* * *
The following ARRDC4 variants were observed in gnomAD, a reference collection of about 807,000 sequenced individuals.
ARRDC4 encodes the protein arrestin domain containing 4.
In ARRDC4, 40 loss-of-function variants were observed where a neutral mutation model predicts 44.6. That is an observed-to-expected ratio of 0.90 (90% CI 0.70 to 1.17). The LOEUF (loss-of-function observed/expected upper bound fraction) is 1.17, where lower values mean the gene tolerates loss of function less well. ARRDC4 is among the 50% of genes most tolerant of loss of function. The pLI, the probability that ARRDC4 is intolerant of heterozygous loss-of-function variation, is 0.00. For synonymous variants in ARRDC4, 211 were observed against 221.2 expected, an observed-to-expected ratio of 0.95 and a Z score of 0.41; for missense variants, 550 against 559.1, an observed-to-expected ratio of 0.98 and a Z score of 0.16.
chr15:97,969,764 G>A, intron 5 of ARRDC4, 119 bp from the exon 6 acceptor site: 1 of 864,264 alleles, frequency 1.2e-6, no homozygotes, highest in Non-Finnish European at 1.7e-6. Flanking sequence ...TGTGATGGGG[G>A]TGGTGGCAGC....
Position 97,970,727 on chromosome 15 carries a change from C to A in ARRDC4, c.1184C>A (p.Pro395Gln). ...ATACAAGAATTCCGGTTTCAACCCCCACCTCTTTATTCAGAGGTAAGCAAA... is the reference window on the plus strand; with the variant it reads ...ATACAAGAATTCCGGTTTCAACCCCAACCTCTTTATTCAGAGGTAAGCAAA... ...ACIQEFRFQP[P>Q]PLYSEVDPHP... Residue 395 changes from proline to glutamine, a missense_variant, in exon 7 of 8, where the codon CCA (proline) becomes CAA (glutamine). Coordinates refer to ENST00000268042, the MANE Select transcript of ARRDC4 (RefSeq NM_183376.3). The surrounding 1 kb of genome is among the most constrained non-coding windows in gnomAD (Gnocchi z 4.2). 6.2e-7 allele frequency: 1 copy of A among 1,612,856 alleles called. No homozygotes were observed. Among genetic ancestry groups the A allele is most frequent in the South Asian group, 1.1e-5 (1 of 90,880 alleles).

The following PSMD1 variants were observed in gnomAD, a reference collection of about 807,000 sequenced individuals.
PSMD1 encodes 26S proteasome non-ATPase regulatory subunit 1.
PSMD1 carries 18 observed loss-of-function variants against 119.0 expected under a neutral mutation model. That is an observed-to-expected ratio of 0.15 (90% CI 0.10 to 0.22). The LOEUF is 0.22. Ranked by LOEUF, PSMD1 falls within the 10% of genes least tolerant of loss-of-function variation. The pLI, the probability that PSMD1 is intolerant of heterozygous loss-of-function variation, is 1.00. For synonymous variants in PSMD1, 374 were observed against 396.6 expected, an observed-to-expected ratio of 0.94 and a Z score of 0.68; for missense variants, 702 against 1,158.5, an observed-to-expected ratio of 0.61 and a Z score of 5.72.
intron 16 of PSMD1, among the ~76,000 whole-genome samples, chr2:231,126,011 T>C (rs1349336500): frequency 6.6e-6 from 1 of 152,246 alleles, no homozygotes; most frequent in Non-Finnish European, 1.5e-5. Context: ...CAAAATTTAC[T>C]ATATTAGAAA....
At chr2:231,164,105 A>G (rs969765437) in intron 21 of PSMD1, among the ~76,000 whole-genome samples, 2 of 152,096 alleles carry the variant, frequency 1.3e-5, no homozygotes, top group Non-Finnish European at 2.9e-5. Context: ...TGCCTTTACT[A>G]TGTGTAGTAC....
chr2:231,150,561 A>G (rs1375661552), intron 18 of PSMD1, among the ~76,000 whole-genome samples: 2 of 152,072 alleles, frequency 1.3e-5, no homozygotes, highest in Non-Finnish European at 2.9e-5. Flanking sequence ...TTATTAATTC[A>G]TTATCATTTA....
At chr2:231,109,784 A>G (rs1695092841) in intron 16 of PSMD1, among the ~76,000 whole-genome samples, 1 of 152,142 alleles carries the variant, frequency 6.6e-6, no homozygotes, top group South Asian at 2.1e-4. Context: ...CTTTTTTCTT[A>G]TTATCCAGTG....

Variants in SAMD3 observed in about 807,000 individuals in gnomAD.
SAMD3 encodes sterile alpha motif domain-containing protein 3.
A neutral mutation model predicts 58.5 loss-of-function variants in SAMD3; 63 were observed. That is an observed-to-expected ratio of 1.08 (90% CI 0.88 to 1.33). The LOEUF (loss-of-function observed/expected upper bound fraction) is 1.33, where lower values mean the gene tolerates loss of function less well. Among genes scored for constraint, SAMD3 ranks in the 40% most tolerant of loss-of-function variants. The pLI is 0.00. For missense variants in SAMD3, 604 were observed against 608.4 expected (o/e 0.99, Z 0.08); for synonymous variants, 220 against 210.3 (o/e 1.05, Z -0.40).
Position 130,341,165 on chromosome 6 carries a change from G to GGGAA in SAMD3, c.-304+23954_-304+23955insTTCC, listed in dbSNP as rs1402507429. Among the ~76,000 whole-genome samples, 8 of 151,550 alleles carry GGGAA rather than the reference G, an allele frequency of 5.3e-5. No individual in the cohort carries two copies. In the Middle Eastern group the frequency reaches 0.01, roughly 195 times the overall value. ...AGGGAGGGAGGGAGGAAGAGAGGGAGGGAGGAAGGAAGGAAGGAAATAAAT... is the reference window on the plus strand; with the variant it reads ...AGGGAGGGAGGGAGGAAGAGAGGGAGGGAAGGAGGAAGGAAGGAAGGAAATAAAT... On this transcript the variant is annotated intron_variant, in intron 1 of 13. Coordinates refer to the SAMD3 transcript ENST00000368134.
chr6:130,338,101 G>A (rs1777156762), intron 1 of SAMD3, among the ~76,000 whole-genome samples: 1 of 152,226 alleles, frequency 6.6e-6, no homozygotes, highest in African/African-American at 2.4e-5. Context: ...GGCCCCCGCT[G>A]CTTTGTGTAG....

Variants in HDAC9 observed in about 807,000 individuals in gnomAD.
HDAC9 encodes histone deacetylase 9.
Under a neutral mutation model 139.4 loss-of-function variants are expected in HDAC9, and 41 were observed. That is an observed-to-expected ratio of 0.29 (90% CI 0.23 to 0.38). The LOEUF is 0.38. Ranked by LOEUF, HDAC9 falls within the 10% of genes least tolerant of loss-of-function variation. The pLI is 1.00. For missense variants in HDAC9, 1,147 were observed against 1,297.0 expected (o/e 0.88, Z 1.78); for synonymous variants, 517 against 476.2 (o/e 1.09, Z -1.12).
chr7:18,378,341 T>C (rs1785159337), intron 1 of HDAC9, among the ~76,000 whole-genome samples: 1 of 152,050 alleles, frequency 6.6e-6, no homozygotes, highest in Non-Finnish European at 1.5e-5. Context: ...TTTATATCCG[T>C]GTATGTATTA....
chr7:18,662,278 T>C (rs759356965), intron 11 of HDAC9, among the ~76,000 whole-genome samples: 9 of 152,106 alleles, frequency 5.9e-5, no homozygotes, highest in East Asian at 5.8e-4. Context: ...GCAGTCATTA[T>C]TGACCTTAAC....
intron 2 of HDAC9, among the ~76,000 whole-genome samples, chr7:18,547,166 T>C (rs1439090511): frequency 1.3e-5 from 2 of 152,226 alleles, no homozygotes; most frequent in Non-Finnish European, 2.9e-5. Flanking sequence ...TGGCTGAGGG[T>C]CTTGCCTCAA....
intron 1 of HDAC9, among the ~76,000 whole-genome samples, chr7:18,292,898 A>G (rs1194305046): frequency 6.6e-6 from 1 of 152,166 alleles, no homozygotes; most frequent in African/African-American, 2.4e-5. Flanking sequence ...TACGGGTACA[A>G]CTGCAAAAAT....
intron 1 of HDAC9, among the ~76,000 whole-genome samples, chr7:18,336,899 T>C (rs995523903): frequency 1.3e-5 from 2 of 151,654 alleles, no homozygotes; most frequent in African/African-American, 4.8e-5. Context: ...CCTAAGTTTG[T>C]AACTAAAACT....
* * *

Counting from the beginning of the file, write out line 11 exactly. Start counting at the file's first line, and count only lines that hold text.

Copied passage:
chr2:231,150,561 A>G (rs1375661552), intron 18 of PSMD1, among the ~76,000 whole-genome samples: 2 of 152,072 alleles, frequency 1.3e-5, no homozygotes, highest in Non-Finnish European at 2.9e-5. Flanking sequence ...TTATTAATTC[A>G]TTATCATTTA....